Great minds and all that (or grape mints, I don’t know). Lantern, you may want to check out TriPolar’s thread–he had the same notion as you.
I don’t get how anyone can seriously argue that anything near a modern, industrialized state could evolve without substantial government intervention and subsidization. Take any industry and you can barely swing a cat without smacking poor Fluffy’s head into some critical area that exists because of massive government involvement. I suppose you could handwave away some things (e.g., railroads were purely private, because the government had no right to the land it was granting in the first place) or daydream about some steampunk wet dream–but not if you harbor any hopes of being taken seriously.

The IT sector being created through purely private-sector action? Not even plausible in an Ayn Rayn fantasy.

I don’t know about this but I decided to have a look at the listof top supercomputers and it’s completely dominated by government-funded institutions from around the world including public universities. It’s a good indicator of how important the government is in cutting-edge research.

I agree, as most others in this thread. What is surprising is that so many IT departments are lousy with libertarians. And moreover, libertarian density is so bottom-heavy. That is, the lower on the totem pole, the more likely you’ll find a libertarian. (At least in my experience.)

No, I’m sorry but this is the Fallacy of Using Fallacies as Magic Spells. As your link points out, the Fallacy of Hypothesis Contrary to Fact requires that the claim be poorly supported. The OP lays out how government assistance made possible or accelerated research at critical junctures in IT development. This at least establishes a prima facie case that that government assistance played a significant role. You seem to think that just because you used Proper Noun Capitalization together with the word “fallacy,” you have somehow dealt with the points raised in the OP. That is not the case. To meet your burden, you should adduce some particular facts that tend to show that the absence of government assistance at those points would not have retarded the progress of IT R&D.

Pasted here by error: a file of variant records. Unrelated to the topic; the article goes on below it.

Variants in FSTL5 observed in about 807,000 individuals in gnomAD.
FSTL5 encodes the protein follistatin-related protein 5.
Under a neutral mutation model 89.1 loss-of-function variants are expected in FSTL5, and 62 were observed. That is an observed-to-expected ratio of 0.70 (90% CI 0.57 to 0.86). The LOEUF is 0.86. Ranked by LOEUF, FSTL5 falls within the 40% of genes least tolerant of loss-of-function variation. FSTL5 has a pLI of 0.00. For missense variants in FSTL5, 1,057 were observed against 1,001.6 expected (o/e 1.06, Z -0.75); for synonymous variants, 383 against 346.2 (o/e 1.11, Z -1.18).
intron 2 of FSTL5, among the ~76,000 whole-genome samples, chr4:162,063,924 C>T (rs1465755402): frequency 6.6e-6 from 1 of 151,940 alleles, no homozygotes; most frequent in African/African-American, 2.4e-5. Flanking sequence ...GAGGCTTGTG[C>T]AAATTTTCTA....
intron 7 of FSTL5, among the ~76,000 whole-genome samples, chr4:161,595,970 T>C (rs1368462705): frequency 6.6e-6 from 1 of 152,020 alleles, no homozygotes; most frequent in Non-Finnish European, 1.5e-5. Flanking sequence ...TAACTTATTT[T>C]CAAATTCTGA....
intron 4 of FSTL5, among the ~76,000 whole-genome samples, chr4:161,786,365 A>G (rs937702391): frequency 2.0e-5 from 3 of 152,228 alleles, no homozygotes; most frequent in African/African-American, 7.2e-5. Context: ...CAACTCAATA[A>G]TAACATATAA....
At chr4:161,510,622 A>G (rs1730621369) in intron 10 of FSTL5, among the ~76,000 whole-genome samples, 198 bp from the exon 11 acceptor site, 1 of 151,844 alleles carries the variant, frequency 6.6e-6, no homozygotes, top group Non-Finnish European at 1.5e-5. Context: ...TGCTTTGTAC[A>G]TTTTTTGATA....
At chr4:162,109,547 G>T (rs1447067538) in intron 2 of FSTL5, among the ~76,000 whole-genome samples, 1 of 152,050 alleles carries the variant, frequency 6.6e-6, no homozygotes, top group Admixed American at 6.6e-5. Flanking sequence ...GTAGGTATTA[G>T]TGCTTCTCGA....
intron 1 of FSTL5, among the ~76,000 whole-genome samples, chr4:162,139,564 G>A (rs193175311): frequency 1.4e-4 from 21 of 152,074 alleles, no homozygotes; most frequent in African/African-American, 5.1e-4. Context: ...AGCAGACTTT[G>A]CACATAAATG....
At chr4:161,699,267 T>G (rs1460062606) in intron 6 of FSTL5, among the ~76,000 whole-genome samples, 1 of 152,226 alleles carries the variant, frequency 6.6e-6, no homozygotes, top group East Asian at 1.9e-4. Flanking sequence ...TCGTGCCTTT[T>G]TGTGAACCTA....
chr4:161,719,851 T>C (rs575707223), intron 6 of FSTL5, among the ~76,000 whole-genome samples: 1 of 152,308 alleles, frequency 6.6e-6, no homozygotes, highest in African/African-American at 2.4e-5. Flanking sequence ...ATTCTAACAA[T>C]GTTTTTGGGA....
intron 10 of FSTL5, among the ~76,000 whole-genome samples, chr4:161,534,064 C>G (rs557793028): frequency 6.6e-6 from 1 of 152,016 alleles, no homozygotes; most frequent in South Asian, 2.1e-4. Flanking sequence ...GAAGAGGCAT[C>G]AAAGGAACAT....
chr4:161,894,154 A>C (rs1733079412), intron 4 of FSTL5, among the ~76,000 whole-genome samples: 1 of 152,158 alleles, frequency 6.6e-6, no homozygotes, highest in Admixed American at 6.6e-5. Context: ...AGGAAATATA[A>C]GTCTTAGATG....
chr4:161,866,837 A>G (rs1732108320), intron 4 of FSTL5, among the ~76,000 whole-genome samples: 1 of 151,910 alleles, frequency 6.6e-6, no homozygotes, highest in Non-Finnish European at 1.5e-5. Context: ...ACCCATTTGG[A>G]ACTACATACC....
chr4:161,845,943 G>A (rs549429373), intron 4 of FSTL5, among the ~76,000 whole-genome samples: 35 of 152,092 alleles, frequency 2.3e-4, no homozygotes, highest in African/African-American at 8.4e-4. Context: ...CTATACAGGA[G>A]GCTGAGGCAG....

Also two demerits for failing to use Latin or Greek.

I am not sure what other evidence is needed. When the government massively subsidizes some activity you get a lot more than what the private sector alone would produce. In the last century the government has massively subsidized science and technology research. If it hadn’t done this, far less research would have been conducted and the technology sector wouldn’t be nearly as advanced as it is today.

Though the private sector has done some great research at places like Bell Labs its incentives to do basic science are pretty limited. In recent decades shareholders have put pressure on corporate labs to cut down on basic science.

Would Bell labs have been Bell labs had it not been for government intervention? Around the turn of the century they argued for–and were granted–a monopoly on telephone service in exchange for regulation.

So again, someone arguing that Bell labs is any kind of an example (not that you are) is smashing his poor kitten’s head against government intervention and subsidies that made the ostensibly private sector institution possible.

Ah, cite. Wiki, but a cite nonetheless.

Ok, first of all, are you saying Lantern doesn’t believe that?